07 February 2006

Prolificity: Something every day.

I've quoted Pliny's line: "Nulla dies sine linea" -- "No days without lines" or "Never a day without lines." If I had lived by that dictum since the first time I read it . . . nevermind.

Anthony Trollope got up in the morning and wrote for two hours. Nothing fancy -- just wrote. Niall Ferguson has said that his whole "trick" of producing so much boils down to "I get up and I work."

For years now I have risen early in the morning, but it hasn't always meant finished work to show. I read, I jot, I ponder. In an ideal world, those early-morning hours would be for my most abstract thoughts, and I could spend time later in the day hammering the thoughts out into pages and chapters and so on. But that's not the world I live in -- not yet, anyway.

I'm thinking of this because today I finally handed in an essay that was due months ago. My professor cared much less than I did that it was so late; he knows I worked hard in his class, and he knew that I was working hard on the essay. For me, though, the piece was one more -- remains one more -- among my many projects that have never reached their potential. In the high-tech world they have a saying that applies to microchips and software alike: Late products don't get better, they just get later. That was this paper. All of these repeated failures, including the many unfinished pieces that clutter my files, weigh on me. Extra baggage is the antithesis of prolificity.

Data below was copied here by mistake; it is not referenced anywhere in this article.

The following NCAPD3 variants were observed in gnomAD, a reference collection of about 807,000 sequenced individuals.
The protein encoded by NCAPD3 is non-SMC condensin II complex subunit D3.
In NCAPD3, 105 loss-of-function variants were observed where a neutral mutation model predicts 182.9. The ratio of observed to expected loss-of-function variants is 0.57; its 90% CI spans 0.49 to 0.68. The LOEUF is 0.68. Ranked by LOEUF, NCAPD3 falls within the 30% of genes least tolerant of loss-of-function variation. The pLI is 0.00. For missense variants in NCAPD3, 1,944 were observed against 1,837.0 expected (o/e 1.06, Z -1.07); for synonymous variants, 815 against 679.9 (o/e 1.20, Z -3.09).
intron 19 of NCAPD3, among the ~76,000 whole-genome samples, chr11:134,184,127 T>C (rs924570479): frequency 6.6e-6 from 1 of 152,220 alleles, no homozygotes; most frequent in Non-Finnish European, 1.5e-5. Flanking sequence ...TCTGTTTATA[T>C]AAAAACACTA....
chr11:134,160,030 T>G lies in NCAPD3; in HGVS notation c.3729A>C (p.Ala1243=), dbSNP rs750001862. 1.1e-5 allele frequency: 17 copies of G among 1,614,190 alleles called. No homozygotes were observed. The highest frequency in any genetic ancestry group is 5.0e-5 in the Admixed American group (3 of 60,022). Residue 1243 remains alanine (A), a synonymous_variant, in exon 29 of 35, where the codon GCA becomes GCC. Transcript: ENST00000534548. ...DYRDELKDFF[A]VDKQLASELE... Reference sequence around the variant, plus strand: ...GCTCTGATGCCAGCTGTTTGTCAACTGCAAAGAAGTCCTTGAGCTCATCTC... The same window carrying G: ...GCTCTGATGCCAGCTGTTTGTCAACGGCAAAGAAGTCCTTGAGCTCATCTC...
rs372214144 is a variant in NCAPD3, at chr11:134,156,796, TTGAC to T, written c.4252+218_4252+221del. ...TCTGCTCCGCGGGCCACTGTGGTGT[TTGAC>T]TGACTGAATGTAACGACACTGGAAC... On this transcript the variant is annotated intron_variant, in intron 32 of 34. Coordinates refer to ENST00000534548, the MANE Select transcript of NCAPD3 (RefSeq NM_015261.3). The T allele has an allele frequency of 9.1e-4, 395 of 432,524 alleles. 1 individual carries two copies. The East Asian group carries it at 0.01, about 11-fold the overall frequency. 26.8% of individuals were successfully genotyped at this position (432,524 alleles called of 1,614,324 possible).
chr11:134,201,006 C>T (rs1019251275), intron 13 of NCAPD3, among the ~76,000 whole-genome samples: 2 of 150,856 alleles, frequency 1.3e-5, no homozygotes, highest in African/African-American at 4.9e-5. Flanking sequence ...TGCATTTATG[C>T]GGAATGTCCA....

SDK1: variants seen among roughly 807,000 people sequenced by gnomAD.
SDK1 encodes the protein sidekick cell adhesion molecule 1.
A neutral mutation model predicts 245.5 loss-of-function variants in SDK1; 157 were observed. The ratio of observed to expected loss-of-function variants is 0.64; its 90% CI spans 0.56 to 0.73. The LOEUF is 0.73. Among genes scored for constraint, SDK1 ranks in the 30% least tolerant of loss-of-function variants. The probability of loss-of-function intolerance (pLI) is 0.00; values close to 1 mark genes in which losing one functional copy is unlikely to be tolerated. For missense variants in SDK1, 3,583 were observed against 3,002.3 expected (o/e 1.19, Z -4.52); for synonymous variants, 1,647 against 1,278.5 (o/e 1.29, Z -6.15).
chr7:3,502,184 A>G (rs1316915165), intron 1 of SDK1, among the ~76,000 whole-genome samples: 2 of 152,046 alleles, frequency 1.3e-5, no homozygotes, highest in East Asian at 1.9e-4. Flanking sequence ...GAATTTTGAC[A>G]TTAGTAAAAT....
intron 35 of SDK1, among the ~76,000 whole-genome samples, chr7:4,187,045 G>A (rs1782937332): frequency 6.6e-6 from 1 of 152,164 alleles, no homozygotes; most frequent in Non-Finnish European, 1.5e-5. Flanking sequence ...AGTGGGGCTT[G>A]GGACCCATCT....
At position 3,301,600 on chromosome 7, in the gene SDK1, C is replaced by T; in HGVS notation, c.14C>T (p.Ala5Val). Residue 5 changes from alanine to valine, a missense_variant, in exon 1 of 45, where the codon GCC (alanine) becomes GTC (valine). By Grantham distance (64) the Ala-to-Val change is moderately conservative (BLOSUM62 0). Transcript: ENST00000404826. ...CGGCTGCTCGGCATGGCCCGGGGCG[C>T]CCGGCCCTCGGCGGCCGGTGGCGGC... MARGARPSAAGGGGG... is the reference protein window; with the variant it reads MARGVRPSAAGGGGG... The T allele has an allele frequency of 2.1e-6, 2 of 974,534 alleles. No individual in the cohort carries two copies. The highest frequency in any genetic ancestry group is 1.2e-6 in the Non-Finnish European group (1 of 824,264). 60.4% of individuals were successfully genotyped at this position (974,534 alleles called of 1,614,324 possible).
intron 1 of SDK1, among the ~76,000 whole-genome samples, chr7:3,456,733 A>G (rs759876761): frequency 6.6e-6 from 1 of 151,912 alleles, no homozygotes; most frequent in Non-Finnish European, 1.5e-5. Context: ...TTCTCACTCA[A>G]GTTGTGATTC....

Never a day without lines is fine, but waits to be misconstrued by non-completing scribblers like me. Better to say, Never a day without lines ready to show to the world. Early deadlines. Travel light.

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